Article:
Wednesday, December 29, 2010

Book Review: Sense & Sensibility by Jane Austen

Pages read so far for 2010: 12,050

I don't really feel myself qualified to review Austen novels, so this is less a book review and more me extolling the virtues of what I perceive to be the best book Jane Austen wrote. (or at least, the best one she published)

Why is this my favorite Austen tale? Simply because I believe it to be the most realistic. Yes, there is a happy ending, but not the all-around perfect ending such as one finds in Pride & Prejudice and Mansfield Park. I won't go into details for those who haven't read it, but I will say that if you haven't, you should ;o). As always, Austen has made her characters maddeningly memorable and I think any woman in her right mind will be left wondering...am I an Elinor, or a Marianne? In short, this is one of the few novels I will rate 5 out of 5 stars and not waver in the decision to do so.

"'We have neither of us anything to tell; you, because you communicate, and I, because I conceal nothing.'"



"'No, he is not as unworthy as you believe him. He has broken no faith with me.'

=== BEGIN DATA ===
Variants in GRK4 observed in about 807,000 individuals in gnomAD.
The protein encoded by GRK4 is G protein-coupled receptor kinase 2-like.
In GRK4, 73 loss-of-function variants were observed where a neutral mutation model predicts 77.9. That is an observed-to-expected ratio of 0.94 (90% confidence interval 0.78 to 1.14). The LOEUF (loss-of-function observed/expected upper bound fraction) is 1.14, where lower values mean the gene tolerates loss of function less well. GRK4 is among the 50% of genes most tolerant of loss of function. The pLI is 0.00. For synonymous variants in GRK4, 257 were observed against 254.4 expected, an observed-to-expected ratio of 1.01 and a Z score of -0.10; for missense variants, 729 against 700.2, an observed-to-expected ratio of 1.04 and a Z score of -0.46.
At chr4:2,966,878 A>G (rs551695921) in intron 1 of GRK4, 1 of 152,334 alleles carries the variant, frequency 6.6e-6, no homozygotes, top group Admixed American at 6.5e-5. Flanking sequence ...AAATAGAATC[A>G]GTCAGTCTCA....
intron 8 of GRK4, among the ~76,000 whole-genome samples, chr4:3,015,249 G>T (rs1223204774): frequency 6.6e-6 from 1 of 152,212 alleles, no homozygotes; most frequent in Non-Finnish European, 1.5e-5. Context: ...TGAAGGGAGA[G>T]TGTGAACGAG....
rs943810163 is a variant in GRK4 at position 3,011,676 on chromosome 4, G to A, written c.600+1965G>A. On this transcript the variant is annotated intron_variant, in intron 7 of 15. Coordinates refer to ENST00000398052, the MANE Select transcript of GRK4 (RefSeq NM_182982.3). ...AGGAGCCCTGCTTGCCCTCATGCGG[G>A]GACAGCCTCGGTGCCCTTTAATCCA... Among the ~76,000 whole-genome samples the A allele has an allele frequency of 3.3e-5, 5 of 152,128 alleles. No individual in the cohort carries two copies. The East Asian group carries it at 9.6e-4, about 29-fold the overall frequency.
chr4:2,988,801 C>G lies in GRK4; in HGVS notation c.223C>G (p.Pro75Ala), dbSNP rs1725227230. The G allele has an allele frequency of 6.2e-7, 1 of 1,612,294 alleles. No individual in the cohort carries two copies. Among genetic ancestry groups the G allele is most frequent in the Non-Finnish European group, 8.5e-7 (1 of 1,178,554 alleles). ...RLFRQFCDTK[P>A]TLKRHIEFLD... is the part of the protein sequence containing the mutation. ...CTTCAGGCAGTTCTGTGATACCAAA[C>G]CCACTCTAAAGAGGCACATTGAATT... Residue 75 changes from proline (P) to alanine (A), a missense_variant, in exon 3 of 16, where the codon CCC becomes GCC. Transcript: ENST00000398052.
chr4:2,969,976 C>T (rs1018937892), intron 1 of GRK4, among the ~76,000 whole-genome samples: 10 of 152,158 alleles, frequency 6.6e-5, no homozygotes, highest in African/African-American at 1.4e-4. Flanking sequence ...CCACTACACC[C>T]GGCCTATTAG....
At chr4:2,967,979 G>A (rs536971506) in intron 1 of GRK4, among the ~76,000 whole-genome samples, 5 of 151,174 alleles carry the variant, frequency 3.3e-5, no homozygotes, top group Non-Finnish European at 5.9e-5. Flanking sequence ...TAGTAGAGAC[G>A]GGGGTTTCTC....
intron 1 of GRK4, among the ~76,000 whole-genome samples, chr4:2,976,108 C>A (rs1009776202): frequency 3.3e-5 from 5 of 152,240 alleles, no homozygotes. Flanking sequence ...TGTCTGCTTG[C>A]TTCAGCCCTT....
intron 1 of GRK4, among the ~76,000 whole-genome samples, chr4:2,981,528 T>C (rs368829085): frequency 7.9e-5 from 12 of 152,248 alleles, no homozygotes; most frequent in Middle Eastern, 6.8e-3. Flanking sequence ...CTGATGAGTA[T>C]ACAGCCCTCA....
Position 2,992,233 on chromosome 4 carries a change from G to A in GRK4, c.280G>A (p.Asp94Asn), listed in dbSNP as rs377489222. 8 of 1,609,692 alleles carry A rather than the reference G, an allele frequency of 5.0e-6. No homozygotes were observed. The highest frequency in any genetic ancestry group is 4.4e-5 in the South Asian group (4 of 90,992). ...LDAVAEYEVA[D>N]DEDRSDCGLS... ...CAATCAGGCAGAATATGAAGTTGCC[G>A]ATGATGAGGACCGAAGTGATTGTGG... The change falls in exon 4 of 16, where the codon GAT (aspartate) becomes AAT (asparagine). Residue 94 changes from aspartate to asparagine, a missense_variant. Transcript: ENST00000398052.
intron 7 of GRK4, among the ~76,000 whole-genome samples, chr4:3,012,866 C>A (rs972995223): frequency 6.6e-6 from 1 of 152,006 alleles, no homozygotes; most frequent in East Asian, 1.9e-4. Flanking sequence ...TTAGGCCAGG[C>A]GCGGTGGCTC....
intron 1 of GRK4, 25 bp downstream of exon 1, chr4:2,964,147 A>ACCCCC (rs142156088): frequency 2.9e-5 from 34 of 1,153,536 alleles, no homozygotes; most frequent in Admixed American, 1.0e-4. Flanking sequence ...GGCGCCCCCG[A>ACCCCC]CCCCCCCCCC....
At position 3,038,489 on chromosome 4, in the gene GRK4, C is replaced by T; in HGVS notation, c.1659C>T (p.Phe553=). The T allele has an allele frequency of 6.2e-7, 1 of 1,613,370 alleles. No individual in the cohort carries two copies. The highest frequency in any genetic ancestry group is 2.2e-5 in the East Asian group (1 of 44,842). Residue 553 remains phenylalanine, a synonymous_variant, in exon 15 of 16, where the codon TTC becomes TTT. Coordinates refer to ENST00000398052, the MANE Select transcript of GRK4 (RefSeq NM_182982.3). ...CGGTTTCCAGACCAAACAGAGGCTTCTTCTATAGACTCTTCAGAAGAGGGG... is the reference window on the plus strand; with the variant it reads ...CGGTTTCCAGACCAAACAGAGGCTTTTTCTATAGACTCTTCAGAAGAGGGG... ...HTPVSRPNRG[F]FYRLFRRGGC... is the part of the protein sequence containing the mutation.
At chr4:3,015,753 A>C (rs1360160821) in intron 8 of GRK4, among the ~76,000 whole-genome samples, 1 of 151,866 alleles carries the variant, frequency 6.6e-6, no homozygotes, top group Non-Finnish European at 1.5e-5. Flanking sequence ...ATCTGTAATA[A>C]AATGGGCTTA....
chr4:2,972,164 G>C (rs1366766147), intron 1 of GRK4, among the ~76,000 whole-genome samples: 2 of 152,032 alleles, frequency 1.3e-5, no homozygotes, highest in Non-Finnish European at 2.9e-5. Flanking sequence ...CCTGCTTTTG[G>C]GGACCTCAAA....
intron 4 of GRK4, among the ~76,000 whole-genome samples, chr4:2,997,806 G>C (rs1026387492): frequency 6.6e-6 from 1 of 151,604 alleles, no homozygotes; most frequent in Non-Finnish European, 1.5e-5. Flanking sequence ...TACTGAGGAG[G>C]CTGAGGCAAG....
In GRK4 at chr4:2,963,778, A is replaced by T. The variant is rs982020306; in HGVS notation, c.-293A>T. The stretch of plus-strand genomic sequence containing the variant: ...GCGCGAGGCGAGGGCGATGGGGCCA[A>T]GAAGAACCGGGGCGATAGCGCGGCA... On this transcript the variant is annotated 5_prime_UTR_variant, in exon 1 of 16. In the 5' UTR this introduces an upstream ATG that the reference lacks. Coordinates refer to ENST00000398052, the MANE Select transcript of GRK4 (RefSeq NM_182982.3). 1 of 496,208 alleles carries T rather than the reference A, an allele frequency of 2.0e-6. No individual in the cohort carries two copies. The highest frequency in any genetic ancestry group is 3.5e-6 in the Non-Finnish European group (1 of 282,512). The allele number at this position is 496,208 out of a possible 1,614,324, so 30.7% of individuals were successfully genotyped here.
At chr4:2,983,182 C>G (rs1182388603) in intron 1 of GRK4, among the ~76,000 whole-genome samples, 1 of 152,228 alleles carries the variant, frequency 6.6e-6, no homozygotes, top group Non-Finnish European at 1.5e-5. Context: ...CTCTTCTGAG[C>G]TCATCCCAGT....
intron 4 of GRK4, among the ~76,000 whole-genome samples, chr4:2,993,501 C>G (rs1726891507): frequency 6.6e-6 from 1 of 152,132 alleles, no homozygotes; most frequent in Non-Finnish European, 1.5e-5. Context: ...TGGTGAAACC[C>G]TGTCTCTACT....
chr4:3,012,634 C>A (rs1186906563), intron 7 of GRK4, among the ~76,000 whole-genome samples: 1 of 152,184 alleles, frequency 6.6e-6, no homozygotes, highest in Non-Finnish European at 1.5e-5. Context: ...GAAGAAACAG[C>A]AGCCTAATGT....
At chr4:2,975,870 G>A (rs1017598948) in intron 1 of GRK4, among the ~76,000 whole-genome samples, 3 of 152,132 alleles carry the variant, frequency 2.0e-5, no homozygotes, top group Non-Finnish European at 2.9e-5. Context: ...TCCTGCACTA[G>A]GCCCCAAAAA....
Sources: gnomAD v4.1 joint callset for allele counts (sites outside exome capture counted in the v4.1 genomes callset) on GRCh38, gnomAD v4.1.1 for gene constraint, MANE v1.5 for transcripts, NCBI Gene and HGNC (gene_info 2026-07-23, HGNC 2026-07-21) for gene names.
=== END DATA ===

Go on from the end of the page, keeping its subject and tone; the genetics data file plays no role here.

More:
'But he told you that he loved you?'
'Yes--no--never absolutely. It was every day implied, but never professedly declared. Sometimes I thought it had been, but it never was.'"

"'I warrant you, Miss Marianne would have been ready to wait till matters came round. But that won't do nowadays; nothing in the way of pleasure can ever be given up by the young men of this age.'"

"Elinor was to be the comforter of others in her own distresses no less than in theirs; and all the comfort that could be given by assurances of her own composure of mind...was readily offered."

"'But does it thence follow that had he married you he would have been happy? The inconveniences would have been different. He would then have suffered under the pecuniary distresses which, because they are removed, he now reckons as nothing. He would have had a wife of whose temper he could make no complaint, but he would have been always necessitous, always poor; and probably would soon have learned to rank the innumerable comforts of a clear estate and good income as of far more importance, even to domestic happiness, than the mere temper of a wife.'"

"...though a very few hours spent in the hard labour of incessant talking will dispatch more subjects than can really be in common between any two rational creatures, yet with lovers it is different. Between them no subject is finished, no communication is even made, till it has been made at least twenty times over."

*And with that, it also appears that I have broken my 12,000 page goal for 2010! It was touch and go there at the end though. Honestly, I read enough to not have to set such goals for myself, and as I recently acquired a Kindle as a birthday gift (and that will make pages difficult to count, I think)...next year there will be no goal. Just reviews.* Pin It

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